In addition to the manual SQLite query tool, we developed another tool to enrich your investigation with valuable data from unsupported database sources, using the Fuzzy model plugin. This innovative solution identifies new data sources, handles and parses unknown databases and endless application databases – some of which are supported by Cellebrite and some are not. Information is being automatically analyzed using a heuristic process and a unique set of rules.

This solution scans and analyzes all the databases and all tables within the databases, and automatically maps the records into a known model ( such as email, IM, call logs etc.).

There are two types of fuzzy models:

  1. Fuzzy objects – View extracted data from any database which has not being decoded by UFED Physical Analyzer’s parsers. This model holds information regarding a certain artefact such as contact, account etc.
  2. Fuzzy events – View extracted events such as messages, call logs etc.

For each one of these models, you can see the list of results presented in a table and the database view pane, which displays the contents of database files that were found in the extraction.

Once the decoding process is complete, you can run the Fuzzy plugin directly from the main menu (Tools àRun Fuzzy model plugin).

The results are presented under Analyzed data in the project tree. Any record in these two tables can indicate a potentially relevant piece of evidence. To find more details, it is recommended to analyze the source database.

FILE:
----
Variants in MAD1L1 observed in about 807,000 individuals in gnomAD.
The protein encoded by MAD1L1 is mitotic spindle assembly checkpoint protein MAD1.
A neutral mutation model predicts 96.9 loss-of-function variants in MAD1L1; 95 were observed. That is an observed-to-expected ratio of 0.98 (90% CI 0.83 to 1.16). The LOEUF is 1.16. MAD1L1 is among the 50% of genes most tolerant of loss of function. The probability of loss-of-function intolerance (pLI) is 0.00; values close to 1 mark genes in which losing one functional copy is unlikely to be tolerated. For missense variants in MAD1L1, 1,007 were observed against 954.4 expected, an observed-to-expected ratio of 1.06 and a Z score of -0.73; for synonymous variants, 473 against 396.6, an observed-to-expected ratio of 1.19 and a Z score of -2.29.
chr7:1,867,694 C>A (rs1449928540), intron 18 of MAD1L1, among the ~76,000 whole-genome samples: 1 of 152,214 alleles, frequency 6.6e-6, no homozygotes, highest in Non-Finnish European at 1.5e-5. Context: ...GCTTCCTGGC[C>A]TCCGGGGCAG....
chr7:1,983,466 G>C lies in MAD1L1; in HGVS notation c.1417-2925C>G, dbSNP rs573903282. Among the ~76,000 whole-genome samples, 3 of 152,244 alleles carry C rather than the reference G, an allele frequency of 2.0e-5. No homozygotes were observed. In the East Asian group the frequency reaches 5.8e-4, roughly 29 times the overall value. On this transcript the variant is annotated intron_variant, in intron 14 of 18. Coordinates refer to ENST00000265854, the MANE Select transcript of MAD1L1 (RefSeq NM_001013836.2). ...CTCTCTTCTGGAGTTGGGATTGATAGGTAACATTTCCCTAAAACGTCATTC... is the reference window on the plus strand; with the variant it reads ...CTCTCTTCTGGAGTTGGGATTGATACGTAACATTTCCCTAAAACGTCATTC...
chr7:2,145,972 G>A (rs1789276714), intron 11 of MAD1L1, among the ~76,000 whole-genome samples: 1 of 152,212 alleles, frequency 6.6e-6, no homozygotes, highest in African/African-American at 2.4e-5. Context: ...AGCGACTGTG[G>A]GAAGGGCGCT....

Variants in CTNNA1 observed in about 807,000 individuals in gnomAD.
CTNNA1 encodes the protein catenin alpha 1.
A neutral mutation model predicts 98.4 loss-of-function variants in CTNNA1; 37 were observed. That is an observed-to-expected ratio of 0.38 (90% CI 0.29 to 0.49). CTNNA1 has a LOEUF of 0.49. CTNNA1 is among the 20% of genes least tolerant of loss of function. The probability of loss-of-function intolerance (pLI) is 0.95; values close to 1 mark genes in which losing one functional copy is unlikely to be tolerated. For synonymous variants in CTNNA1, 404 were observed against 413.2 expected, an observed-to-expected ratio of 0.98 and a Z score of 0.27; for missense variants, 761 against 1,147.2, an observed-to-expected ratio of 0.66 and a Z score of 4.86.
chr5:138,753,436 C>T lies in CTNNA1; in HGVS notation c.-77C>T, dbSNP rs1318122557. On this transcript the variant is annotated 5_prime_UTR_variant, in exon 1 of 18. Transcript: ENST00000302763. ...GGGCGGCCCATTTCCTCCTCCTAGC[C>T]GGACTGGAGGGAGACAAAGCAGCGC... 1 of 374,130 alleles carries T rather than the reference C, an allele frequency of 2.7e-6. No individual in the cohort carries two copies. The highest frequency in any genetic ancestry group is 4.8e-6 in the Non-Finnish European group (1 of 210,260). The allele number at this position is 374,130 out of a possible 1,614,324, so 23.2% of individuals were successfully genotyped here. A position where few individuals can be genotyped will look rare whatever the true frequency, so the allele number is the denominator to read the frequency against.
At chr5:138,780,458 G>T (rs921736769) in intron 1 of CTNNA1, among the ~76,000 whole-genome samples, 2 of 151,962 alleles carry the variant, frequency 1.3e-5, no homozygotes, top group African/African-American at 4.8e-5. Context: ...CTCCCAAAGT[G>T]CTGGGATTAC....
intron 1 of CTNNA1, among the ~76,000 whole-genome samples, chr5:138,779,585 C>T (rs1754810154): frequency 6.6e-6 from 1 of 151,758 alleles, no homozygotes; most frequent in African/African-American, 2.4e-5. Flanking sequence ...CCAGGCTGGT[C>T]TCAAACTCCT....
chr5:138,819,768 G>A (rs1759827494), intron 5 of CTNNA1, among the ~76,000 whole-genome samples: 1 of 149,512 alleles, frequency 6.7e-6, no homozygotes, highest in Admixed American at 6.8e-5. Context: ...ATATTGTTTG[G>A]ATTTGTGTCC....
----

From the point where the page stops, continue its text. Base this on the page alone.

Records with a timestamp are also available in the timeline view, which allows you to track and view events in a chronological order to quickly understand the chain of events.

 

*https://www.statista.com/statistics/266210/number-of-available-applications-in-the-google-play-store/

Python Script to Map Cell Tower Locations from an Android Device Report in Cellebrite

Recently Ed Michael showed me that Cellebrite now parses cell tower locations from several models of Android phones. He said that this information has been useful a few times but manually finding and mapping the cell tower locations by hand has been a pain in the butt. I figured that it should be easy enough to automate and Anaximander was born.

Anaximander consists of two python 2.7 scripts. One you only need to run once to dump the cell tower location information into a SQLite database and the second script you run each time to generate a Google Earth KML file with all of the cell tower locations on it. As an added bonus, the KML file also respects the timestamps in the file so modern versions of Google Earth will have a time slider bar across the top to let you create animated movies or only view results between a specific start and end time.

Step one is to acquire the cell tower location. For this we go to http://opencellid.org/ and sign up for a free API. Once we get the API key (instantly) we can download the latest repository of cell phone towers.

mappic

Currently the tower data is around 2.2 GB and contained in a CSV file. Once that file downloads you can unzip it to a directory and run the dbFill.py script from Anaximander. The short and simple script creates a SQLite database named “cellTowers.sqlite” and inserts all of the records into that database. The process should take 3-4 minutes and the resulting database will be around 2.6 GB.

Once the database is populated, the next time you dump an Android device with Cellebrite and it extracts the cell towers from the phone, you’ll be ready to generate a map.

From The “Cell Towers” section of your Cellebrite results, export the results in “XML”. Place that xml file and the Anaximander.py file in the same directory as your cellTowers.sqlite database and then run Anaximander.py –t <YourCellebriteExport.xml> . The script will start parsing through the XML file to extract cell towers and query the SQLite database for the location of the tower. Due to the size of the database the queries can take a second or two each so the script can take a while to run if the report contains a large number of towers.